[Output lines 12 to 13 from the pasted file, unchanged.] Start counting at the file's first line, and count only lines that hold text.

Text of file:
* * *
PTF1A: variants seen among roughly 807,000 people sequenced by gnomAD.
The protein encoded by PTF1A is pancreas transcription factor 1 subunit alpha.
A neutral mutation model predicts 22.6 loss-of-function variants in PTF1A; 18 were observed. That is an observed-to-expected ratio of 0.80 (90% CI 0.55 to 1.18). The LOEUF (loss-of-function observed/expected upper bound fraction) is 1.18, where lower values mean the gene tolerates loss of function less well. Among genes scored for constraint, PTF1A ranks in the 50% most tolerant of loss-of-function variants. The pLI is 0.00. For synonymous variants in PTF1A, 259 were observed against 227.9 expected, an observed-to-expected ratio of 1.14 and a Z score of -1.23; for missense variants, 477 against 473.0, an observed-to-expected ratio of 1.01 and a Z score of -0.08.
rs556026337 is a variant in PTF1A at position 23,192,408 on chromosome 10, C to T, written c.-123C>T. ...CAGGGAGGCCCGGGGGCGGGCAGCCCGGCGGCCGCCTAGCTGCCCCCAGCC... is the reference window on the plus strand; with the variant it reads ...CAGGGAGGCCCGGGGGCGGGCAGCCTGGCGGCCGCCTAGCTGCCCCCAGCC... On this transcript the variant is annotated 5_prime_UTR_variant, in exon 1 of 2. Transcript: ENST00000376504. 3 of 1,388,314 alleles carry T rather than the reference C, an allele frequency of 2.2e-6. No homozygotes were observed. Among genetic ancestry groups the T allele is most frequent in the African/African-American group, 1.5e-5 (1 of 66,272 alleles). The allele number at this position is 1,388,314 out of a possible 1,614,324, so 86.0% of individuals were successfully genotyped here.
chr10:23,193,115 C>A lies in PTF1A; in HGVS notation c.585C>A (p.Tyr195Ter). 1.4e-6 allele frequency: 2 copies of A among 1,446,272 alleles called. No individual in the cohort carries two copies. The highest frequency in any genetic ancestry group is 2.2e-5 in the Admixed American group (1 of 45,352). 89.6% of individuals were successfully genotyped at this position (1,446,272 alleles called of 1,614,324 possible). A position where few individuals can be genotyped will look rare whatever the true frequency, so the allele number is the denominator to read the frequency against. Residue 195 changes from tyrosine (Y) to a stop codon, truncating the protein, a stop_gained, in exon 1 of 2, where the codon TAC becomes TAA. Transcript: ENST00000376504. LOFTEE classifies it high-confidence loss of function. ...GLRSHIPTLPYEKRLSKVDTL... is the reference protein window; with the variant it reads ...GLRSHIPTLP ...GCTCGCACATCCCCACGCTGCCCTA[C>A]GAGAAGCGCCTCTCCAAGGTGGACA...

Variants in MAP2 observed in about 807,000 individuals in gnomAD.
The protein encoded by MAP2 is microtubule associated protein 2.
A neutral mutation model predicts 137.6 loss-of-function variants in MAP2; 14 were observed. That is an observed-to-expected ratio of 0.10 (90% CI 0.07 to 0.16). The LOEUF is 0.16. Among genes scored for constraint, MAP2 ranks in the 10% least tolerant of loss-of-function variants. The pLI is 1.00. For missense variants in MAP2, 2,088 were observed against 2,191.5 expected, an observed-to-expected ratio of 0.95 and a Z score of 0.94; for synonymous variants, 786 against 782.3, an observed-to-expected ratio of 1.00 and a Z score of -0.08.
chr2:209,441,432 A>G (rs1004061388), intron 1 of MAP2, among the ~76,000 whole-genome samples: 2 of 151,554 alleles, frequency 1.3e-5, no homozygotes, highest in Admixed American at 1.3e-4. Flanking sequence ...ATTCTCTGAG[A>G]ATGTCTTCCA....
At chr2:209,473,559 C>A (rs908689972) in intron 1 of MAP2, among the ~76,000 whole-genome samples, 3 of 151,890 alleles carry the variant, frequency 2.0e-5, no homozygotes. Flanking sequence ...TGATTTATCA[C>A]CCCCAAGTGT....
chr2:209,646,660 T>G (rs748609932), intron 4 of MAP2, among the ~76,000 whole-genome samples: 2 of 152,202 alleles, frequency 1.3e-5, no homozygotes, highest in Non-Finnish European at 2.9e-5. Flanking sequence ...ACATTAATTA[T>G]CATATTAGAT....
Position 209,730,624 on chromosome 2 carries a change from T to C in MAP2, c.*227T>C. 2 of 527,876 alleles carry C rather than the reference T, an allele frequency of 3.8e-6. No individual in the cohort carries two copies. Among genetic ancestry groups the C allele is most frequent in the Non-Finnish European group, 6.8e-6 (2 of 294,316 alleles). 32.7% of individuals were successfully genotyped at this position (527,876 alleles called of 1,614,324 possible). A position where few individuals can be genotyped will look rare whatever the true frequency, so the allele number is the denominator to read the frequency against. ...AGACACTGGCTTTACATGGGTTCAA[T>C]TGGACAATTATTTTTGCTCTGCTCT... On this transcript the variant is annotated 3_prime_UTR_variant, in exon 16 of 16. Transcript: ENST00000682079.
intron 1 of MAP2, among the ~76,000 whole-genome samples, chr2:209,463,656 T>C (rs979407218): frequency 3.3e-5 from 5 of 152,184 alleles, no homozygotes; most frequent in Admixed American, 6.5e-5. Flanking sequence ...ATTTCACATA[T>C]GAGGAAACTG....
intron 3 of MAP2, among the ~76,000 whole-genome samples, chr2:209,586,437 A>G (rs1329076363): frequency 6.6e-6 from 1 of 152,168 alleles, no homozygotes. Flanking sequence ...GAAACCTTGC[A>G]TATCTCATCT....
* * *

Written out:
Position 209,730,624 on chromosome 2 carries a change from T to C in MAP2, c.*227T>C. 2 of 527,876 alleles carry C rather than the reference T, an allele frequency of 3.8e-6. No individual in the cohort carries two copies. Among genetic ancestry groups the C allele is most frequent in the Non-Finnish European group, 6.8e-6 (2 of 294,316 alleles). 32.7% of individuals were successfully genotyped at this position (527,876 alleles called of 1,614,324 possible). A position where few individuals can be genotyped will look rare whatever the true frequency, so the allele number is the denominator to read the frequency against. ...AGACACTGGCTTTACATGGGTTCAA[T>C]TGGACAATTATTTTTGCTCTGCTCT... On this transcript the variant is annotated 3_prime_UTR_variant, in exon 16 of 16. Transcript: ENST00000682079.
intron 1 of MAP2, among the ~76,000 whole-genome samples, chr2:209,463,656 T>C (rs979407218): frequency 3.3e-5 from 5 of 152,184 alleles, no homozygotes; most frequent in Admixed American, 6.5e-5. Flanking sequence ...ATTTCACATA[T>C]GAGGAAACTG....